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Narrative therapies, especially narrative exposure therapy, are used to treat the effects of trauma in refugees and to prevent psychiatric illness. These methods involve helping the person to tell the story of what happened to them until it no longer elicits anxiety.
We reviewed all quantitative studies related to narrative exposure methods for treating trauma or posttraumatic stress disorder in refugees. We focused on studies with sufficient information to calculate effect sizes and statistical power.
We found 7 quantitative studies for which effect size and power could be calculated. The total average effect size for all interventions was 0.63 (medium). The average effect size for studies in which interventions were administered by physicians, adequately trained graduate students, or both was 0.53. The effect size for studies in which the counselors were themselves refugees was 1.02. The 95% confidence intervals for the effect sizes of narrative exposure therapy did not reach below 0.
Studies demonstrating the effectiveness of narrative methods have adequate effect sizes and statistical power. Empowering lay counselors to treat their fellow refugees in future studies is warranted.
More research has been conducted to investigate the effects of trauma and the factors that contribute to posttraumatic stress disorder (PTSD) in soldiers than in refugees, despite the larger numbers of the latter.1 In 2004, there were a minimum of 42 wars and/or armed conflicts worldwide, with the majority occurring in developing countries.2 In 2005, the United Nations High Commissioner for Refugees estimated there were 19.2 million displaced people throughout the world.3 Almost half were children. Though the numbers vary each year, approximately 1% of the world’s population is currently uprooted because of war and political violence.4
“Refugee” is defined as a person who is outside his or her country of origin, with well-founded fears of persecution, and who is unable to receive protection and consequently unable to return to his or her country of origin.5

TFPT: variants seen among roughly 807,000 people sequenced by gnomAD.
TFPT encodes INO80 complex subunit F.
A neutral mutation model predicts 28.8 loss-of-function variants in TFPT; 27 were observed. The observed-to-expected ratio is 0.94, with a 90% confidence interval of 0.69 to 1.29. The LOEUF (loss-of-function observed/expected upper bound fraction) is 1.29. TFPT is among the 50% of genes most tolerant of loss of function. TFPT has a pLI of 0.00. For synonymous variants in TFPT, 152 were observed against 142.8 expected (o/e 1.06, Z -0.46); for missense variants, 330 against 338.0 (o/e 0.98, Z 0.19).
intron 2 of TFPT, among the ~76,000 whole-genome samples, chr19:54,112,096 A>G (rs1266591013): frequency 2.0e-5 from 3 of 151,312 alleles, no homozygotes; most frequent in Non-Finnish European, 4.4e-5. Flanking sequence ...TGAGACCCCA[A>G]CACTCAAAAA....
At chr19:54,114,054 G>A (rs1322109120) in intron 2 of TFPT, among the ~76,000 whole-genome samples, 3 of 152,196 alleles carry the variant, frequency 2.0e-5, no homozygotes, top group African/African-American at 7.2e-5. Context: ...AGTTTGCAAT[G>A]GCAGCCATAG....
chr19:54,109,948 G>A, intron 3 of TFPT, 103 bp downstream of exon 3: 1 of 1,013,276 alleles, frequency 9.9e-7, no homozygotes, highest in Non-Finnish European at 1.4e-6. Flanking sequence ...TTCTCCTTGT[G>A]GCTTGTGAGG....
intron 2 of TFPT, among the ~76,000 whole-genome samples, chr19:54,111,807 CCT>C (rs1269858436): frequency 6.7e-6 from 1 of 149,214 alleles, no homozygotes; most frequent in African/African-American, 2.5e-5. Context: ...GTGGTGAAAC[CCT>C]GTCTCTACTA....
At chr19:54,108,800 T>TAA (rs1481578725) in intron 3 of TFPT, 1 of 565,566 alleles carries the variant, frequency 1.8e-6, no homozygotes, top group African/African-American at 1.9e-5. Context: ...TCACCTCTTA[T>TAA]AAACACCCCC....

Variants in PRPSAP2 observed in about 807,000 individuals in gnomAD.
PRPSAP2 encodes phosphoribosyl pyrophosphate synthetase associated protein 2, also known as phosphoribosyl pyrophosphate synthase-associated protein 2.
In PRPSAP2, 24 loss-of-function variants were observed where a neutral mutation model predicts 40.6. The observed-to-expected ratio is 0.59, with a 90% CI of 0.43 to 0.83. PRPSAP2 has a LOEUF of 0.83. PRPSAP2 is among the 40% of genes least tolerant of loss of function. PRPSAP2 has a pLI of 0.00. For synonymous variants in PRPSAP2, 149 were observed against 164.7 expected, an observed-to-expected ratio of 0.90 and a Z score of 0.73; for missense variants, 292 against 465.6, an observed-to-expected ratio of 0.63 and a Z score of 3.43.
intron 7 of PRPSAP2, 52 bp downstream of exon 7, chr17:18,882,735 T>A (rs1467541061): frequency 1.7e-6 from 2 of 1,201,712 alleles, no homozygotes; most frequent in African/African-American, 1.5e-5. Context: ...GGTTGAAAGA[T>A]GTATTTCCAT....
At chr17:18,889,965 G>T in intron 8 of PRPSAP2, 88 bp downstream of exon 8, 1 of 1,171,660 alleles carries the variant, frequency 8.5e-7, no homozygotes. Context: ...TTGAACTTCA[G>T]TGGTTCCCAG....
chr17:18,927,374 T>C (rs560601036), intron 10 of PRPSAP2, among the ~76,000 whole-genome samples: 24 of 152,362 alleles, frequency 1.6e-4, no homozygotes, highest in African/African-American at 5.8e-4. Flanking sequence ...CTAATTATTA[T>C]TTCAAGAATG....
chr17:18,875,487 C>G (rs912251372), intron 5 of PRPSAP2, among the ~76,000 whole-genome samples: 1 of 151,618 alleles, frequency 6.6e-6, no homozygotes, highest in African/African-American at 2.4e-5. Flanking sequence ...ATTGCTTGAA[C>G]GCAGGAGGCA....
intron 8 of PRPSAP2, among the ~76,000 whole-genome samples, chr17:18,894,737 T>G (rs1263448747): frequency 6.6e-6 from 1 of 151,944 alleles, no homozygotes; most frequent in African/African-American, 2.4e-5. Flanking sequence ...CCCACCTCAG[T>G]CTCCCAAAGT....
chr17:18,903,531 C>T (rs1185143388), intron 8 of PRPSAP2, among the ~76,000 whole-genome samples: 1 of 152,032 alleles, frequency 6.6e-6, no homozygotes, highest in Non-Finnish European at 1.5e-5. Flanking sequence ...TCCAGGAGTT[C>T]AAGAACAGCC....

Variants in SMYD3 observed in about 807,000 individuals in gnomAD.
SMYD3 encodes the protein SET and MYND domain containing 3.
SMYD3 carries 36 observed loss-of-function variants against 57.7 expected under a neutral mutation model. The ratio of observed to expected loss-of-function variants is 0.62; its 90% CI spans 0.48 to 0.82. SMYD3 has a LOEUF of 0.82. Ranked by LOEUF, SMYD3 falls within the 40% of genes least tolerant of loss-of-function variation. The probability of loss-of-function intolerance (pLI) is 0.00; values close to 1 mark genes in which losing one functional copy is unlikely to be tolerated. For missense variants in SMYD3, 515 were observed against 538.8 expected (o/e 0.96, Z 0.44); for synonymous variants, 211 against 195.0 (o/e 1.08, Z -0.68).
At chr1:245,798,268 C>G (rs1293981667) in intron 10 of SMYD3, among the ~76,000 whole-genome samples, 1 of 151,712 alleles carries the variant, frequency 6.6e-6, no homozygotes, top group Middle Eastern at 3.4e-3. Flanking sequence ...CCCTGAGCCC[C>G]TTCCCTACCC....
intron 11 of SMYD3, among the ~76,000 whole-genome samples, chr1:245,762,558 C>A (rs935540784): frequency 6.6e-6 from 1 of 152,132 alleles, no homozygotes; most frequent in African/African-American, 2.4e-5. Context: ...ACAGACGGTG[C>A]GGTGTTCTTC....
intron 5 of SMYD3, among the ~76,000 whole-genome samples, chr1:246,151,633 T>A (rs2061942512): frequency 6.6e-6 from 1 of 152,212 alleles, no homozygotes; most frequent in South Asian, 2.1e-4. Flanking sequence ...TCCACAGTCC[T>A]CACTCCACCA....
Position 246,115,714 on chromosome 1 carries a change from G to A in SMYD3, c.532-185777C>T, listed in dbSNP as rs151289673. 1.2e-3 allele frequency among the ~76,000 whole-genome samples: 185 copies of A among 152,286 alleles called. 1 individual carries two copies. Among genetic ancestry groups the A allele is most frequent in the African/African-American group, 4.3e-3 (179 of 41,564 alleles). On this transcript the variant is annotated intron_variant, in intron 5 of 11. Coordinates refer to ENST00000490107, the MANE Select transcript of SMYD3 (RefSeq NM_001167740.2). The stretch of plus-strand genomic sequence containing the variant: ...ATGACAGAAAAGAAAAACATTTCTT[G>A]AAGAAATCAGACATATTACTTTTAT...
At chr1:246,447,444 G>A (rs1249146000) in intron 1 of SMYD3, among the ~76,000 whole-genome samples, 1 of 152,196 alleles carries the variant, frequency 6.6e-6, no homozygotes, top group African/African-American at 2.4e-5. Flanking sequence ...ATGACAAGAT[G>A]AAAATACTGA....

Young refugees are more vulnerable to developing mental health difficulties, with as many as 40% meeting diagnostic criteria, particularly for anxiety disorders, including PTSD.6 PTSD prevalence rates in refugee populations range from 15% to 50%.7,8 Children’s reactions to stress seem to parallel their caretakers’ responses,9 although children can be “astonishingly resilient” when facing trauma.10 Female refugees suffer more from resettlement than male refugees.11 Typical problems pertain to child rearing and violence. Stressors among refugees can be organized into categories of 1) past losses; 2) traumatic experiences (ie, war and torture); and 3) difficulties that arise in the host country, including financial strain, fear of deportation, delays, and changes in accommodation.6 Estimates of the incidence and prevalence of PTSD vary considerably, depending upon factors such as the population in question, their unique stressful experiences, and the diagnostic methods employed.3 The presence of PTSD is associated with war trauma and the stresses related to resettling,12 declining physical health,13 and maternal psychiatric difficulties.
Applying diagnoses such as PTSD cross-culturally merits consideration.14 Some argue that Western diagnostic methods should not be applied to other cultures, in part because of the stigma of labeling and because they hinder our understanding of the losses and suffering experienced. Although the tenth revision of the International Classification of Diseases is an internationally recognized classification system used in non-Western cultures,3 it is derived from and based on Western classification systems and does not encompass non-Western views of health, illness, and disease.14 Nevertheless, we can imagine that, from any culture’s view of mental health and illness, refugees who have suffered immense trauma would be prone to intense emotional reactions.15